Excited about the eclipse? So are scientists and TV people


Sure, there are times when science-talk causes me to blank out. But if the subject involves turning day into night, blackening our world ... OK, you've got my interest,. Now Americans are ready for an eclipse Monday, and TV is ready to cover it. Here's the story I sent to papers:

By Mike Hughes

As Americans
prepared for Monday's event, we heard stories of past solar eclipses.

People have
screamed, cheered, wailed; they've been awed or gaga or breathless.

That's pretty silly,
right? Still ... “If you were going to have a natural event ... to
get breathless about, it might be this one,” said James Bullock,
who chairs physics and astronomy at the University of California,
Irvine.

He's one of the
scientists who will be featured in TV coverage before, during and
after the event. All seem to agree that this is a big deal. “It's
the most amazing natural phenomenon that happens from the surface of
the Earth,” said Angela Des Jardins, head of the Montana Space
Grant Consortium.

And it's rare: The
U.S. hasn't had a total eclipse since 1979; it hasn't had one span
both coasts since 1918. Here it is, reaching Oregon at 1:15 p.m. ET
Monday and leaving South Carolina at 2:48. It will cut through Idaho,
Wyoming, Nebraska, Missouri and Tennessee, while touching the edges
of others.

That strip is only
70 miles wide, Des Jardins said, but the rest of us won't be
abandoned. “The entire U.S. will experience at least a partial
eclipse ... which is going to be absolutely amazing as well.”

But for TV people
and scientists, that total-eclipse swath will be the key.

On one end, the
Science Channel will have a base in Madras, Oregon. “That will be
the first place that the eclipse will be visible in the United States
(and it usually has) about 95 to 98 percent chance of a clear day,”
said Marc Etkind, the channel's general manager.

At the other end,
Science will be based in South Carolina, where Mike Massimino – the
forner astronaut who's done six “Big Bang Theory” episodes --
will host. That night, there will be specials on PBS and Science,
gathering material from the day. “We will be collecting all of the
great images and getting the results of some of the science
experiments,” Etkind said.

Some of those
involve the effects on the Earth; others involve astronomy, said Amir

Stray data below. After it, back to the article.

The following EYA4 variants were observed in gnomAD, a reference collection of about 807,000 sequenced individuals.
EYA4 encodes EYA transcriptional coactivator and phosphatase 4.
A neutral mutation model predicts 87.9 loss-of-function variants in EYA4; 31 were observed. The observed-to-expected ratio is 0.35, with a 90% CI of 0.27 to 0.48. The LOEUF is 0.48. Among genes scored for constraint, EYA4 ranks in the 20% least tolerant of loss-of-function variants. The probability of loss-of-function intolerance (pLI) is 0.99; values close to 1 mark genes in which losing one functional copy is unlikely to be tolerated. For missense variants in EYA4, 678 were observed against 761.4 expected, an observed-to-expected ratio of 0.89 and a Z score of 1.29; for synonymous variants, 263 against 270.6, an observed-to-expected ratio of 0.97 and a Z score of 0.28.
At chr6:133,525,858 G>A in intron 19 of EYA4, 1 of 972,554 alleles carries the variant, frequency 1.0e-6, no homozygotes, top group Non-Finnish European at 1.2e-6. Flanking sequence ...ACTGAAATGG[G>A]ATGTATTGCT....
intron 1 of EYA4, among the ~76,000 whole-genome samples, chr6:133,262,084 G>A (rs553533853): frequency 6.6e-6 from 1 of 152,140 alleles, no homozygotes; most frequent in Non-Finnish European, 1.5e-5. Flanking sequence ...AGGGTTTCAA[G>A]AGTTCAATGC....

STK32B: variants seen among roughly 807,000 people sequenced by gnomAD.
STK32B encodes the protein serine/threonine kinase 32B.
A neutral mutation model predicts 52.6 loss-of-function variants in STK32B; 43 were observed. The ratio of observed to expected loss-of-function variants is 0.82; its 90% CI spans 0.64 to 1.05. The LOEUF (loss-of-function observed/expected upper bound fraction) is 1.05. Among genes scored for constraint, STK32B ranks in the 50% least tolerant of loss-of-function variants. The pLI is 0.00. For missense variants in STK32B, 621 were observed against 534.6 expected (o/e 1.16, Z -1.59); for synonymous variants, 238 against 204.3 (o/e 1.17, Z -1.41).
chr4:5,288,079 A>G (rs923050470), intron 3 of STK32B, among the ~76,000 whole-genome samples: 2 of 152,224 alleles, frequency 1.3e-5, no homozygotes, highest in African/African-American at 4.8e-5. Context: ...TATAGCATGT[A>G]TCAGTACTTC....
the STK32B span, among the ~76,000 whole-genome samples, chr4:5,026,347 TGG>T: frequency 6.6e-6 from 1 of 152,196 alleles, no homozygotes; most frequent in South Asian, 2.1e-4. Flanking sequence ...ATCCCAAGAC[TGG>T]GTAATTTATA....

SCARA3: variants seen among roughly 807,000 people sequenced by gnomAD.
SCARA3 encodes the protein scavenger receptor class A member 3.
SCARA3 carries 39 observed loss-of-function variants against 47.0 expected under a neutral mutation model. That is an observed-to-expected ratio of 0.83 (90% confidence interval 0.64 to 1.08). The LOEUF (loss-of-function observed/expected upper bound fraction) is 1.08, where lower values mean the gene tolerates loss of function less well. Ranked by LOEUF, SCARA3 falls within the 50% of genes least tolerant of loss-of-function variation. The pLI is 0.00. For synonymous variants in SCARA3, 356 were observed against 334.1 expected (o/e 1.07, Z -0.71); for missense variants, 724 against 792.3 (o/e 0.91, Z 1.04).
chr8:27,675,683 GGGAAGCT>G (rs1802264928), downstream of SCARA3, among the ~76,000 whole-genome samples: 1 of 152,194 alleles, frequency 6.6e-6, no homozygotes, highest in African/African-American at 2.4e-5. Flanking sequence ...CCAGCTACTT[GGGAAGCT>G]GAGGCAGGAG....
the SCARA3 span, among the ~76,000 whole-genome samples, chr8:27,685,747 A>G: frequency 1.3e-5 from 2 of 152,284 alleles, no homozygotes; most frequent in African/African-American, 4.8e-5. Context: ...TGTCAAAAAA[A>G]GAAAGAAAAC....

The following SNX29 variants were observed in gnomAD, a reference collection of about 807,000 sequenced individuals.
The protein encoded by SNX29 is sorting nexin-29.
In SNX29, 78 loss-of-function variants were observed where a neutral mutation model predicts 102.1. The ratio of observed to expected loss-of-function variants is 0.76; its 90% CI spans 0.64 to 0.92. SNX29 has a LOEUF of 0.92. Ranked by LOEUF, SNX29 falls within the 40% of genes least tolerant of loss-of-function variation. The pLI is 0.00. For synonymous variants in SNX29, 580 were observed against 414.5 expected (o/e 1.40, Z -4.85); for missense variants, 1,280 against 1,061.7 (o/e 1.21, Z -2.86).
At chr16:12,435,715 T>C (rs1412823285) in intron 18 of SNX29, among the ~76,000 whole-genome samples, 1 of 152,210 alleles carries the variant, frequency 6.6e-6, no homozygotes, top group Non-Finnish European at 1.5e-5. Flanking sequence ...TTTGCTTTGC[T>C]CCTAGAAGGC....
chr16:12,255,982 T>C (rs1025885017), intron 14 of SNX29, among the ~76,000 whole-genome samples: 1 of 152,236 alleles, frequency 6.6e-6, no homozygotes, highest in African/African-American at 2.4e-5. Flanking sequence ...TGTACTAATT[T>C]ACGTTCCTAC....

Caspi, head of a NASA project. “When the solar disk is blocked out,
you can actually see the solar corona.”

Caspi – featured
in both the PBS and Science projects – is trying to determine why
that outer corona is so much hotter than the sun itself. He's also
wondering why the corona has “well-formed loops and arcades and
fans .... They look like they were freshly combed and not snarled and
matted.”

All research must be
quick. “At any one location, ... totality lasts about two minutes,”
Des Jardins said.

One solution is to
spread out the observations. She has 55 student teams from 30 states;
Caspi will have two jet planes, combining to catch about seven
minutes of eclipse.

Most of us will
settle for a couple minutes of not-quite-totality. We can watch with
modest caution, Des Jardins said. “Watching the eclipse in general
is not dangerous. The thing that's dangerous is looking at the sun
with no protection, and that's true any time.”

Some of those
watchers might be transformed, Bullock said. “It's spectacular ....
A whole generation of kids (could) be inspired by this physical,
astronomical event that is not ... in a video game.”

 

-- Preview: “Great
American Eclipse,” 9:02 p.m. ET Sunday, Science; reruns at 12:08
a.m. ET and at 11 a.m. ET Monday.

-- During the
eclipse: ABC, CBS and NBC all plan live coverage from 1-3 p.m. ET.
The Science Channel has live coverage from noon to 4. News and
weather channels are expected to be involved, especially during the
stretch (1:15 to 2:48 p.m. ET), when parts of the U.S. are in total
eclipse.

-- That night:
“Nova” has prepared an hour for 9 p.m. Monday, viewing the
science of the eclipse; it will edit that throughout the day,
inserting new footage; Science will have a new hour at 9:02 p.m. ET
Monday, rerunning at 12:20 a.m. The Science special will rerun at 8
and 11:06 p.m. ET Tuesday; the “Nova” one will rerun at 8 p.m.
Wednesday.